The Center will expand the College's history of study in the visual arts of painting, sculpture, and architecture by providing a forum to look at "new mechanical and electronic media from the age of the invention of photography ... to the proliferation of interactive digital media," according to center director Steven Levine, Leslie Clark Professor in the Humanities, chair of the History of Art department.
Studying the portrayal of epilepsy in film is an ongoing research and publication project for the family team of Kerson, Kerson and Kerson: Toba Schwaber Kerson, Professor of Social Work and Social Research; neurologist Lawrence Kerson, M.D.; and their daughter, Jennie Kerson, a media studies graduate of Brown University. "When Jennie was still in college, she spotted seizures in two of a group of films she had been assigned to watch, Mean Streets and 1900, called her father and said 'wouldn't it be neat if we wrote an article about this'," Toba Kerson said. "They had a little bonding moment, but didn't really mean it." She, however, who is known in her household by the epithet of "Relentless," was excited by the idea. The project has grown to such an extent that the team was asked to give a three-hour course on the subject at the Academy of Neurology meetings this spring and a paper at the 3rd International Conference on Social Work in Health and Mental Health in Tampere, Finland this summer.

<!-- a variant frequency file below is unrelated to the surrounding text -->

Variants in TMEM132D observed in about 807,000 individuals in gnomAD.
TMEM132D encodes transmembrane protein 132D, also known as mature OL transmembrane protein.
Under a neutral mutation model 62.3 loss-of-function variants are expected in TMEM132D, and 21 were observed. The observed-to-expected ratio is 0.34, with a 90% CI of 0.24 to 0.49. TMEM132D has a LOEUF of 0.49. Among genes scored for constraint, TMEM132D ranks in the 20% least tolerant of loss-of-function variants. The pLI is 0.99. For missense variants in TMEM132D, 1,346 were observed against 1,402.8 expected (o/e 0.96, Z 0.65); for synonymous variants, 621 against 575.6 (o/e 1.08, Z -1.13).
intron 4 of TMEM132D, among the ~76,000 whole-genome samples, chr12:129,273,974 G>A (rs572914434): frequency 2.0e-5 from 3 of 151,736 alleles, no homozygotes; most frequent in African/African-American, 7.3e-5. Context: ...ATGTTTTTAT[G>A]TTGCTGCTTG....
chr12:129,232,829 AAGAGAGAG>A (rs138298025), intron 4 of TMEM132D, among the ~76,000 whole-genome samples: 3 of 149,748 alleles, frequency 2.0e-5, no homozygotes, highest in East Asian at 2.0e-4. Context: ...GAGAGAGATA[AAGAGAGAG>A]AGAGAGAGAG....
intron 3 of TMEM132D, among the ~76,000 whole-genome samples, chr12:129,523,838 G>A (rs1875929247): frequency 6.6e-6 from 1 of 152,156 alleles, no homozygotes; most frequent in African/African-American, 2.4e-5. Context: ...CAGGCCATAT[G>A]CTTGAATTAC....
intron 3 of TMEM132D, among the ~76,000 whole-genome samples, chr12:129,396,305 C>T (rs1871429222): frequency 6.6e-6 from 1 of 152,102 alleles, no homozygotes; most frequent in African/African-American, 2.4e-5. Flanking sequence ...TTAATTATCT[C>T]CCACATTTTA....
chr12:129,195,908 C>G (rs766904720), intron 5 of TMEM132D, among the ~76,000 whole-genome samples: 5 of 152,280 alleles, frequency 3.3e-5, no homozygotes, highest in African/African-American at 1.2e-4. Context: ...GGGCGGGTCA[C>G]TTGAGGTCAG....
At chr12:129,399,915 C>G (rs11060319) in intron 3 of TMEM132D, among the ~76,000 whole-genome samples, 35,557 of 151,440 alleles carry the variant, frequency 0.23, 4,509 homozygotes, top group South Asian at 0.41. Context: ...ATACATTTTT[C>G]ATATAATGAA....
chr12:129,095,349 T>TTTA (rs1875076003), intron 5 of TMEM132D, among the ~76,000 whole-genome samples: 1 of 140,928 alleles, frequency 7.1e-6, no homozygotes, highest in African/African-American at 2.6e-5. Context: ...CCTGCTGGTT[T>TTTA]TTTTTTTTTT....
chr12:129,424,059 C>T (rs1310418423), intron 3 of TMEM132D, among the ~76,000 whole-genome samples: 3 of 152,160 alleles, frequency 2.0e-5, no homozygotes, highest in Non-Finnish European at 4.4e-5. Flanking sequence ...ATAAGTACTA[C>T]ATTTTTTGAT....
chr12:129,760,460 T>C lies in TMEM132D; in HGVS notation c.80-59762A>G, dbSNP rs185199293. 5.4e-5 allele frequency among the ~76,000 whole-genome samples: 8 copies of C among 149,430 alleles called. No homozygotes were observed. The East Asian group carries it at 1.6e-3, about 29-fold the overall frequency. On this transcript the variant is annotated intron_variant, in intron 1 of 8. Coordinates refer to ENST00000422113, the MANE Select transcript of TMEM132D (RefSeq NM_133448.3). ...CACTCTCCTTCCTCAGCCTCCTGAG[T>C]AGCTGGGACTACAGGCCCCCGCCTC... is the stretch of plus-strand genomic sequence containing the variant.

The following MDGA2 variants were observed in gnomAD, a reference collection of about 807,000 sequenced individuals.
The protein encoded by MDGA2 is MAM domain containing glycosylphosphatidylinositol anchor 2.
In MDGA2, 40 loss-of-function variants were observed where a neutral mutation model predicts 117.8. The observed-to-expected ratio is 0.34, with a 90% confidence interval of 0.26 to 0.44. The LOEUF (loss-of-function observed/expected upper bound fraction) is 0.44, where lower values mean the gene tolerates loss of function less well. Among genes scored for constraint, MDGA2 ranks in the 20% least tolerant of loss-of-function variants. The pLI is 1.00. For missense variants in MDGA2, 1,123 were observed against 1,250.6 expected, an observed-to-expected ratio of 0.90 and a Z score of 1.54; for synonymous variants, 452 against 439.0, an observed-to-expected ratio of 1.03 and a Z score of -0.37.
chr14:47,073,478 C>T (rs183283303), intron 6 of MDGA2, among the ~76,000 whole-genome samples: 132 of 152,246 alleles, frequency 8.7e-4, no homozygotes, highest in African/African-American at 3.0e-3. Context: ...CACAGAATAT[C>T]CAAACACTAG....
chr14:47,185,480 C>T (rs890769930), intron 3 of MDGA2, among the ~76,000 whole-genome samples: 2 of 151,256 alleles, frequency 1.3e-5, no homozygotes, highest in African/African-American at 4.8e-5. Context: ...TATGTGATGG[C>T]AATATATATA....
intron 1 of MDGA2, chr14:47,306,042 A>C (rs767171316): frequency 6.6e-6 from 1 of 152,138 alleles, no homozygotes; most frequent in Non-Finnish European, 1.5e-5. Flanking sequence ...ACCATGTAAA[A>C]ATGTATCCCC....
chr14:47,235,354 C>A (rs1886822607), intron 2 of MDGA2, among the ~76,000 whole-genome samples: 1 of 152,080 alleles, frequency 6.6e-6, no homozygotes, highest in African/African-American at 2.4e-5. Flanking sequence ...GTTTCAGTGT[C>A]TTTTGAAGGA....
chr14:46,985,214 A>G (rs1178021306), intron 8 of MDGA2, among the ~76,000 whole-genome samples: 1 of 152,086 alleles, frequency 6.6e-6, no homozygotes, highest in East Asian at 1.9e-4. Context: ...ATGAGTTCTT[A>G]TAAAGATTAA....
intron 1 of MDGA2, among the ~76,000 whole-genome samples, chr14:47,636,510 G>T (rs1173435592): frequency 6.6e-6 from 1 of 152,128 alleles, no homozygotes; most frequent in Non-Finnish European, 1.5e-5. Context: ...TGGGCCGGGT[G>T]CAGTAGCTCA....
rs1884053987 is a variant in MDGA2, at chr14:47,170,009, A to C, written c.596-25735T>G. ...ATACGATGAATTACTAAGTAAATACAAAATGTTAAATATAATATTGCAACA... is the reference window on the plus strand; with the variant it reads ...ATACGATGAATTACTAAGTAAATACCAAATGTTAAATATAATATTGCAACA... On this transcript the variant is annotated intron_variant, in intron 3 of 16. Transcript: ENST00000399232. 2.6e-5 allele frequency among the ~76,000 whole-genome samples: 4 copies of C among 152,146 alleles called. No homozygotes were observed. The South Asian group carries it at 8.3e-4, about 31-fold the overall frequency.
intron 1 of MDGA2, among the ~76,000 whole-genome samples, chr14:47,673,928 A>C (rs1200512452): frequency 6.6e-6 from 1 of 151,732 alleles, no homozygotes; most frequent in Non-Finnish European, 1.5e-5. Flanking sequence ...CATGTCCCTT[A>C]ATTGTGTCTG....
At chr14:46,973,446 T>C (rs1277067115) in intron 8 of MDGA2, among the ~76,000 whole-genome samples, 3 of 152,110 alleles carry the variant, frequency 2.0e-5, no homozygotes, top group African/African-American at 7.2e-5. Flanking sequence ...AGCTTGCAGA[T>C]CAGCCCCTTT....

In her January 24 presentation for a Visual Culture colloquium, "Reel Seizures," Kerson showed clips from some of the 36 English language films the team has identified that show an epileptic seizure or refer to the condition.
Larry Kerson is particularly interested in accuracy of depiction. Jennie is interested in how the portrayal drives the narrative or advances character development, and Toba, as a social worker, in "what the audience takes away from the film about what epilepsy is, and what those with epilepsy and family members see and incorporate as societal images of the illness.